April 25, 2017

New MARC stations: North/Mt Royal, Upton, Sandtown

The chosen plan for the new Amtrak tunnel in West Baltimore would provide enough trackage for all anticipated future train service. The old existing tunnel would thus be free to be used for anything. This means the old tunnel can be rehabbed in a way that is optimized for critical local needs - not Amtrak's - and new stations can be provided to support neighborhood development opportunities.
Seldom seen view of the southwest corner of Mount Royal and North Avenues, looking west.
The ancient brick enclosure for the tracks entering the Amtrak tunnel (in the foreground)
could be opened up to create a new local MARC station and lead into a "campus green"
that connects to the MICA buildings in the background. North Avenue is barely visible to the upper right.

The recent Federal Railroad Administration (FRA) "Record of Decision" calls for a new $4.5 Billion replacement tunnel that includes four tracks rather than the current two tracks. But the alignment for the new four-track tunnel would still make it possible to retain connections to the old existing two-track tunnel. As stated in the FRA Record of Decision: "The existing B&P Tunnel, a contributing element of the Baltimore and Potomac Railroad historic district, will be abandoned in a manner that will allow for future transportation use." This specific point is also spelled out as one of the top five "Project Benefits" as listed on the Amtrak website.

So while future Amtrak trains and most (if not all) MARC commuter rail trains will be whizzing through the new modern tunnel, the existing historic tunnel can be uniquely reconfigured to position West Baltimore growth and development as a vital part of the burgeoning Baltimore-Washington corridor.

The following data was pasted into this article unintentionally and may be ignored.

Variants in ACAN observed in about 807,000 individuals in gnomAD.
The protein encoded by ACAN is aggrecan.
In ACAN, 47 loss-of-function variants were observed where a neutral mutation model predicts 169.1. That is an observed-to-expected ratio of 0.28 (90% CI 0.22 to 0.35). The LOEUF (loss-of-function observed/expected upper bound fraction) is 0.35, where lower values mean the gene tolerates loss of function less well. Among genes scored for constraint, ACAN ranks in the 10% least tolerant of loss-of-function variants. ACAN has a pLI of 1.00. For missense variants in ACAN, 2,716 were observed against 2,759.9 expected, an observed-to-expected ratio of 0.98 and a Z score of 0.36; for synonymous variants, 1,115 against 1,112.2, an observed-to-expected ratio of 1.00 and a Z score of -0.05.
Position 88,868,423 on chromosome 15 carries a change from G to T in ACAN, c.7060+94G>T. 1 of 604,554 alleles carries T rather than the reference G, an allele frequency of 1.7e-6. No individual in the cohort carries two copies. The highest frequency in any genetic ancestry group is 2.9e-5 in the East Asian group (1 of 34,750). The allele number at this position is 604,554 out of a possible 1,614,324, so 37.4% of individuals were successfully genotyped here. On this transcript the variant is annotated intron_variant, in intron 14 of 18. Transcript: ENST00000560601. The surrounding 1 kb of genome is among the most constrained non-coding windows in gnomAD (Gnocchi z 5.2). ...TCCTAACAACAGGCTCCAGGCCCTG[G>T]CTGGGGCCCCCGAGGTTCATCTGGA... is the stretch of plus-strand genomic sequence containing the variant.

OLD AMTRAK TUNNEL - Going west out of Penn Station (right) toward Washington, DC, the tunnel begins
just prior to North Avenue and ends at Gilmor Street in Sandtown. Three new MARC stations can be accommodated
at the beginning, middle and end of the tunnel at North Avenue/Mount Royal, Upton and Sandtown.

Three new West Baltimore MARC Stations

Unlike the proposed new Amtrak tunnel which would be bored deep in the ground, the existing tunnel is located directly below the surface. New stations along the old route can therefore be intimately integrated with surface activities and development in the local communities, unhampered by demands for high speed and high capacity. This line could use shorter self-powered trains that consist essentially of a cross between commuter rail and light rail vehicles, even allowing riders to walk across the track at selected locations, which is forbidden in the Amtrak corridor.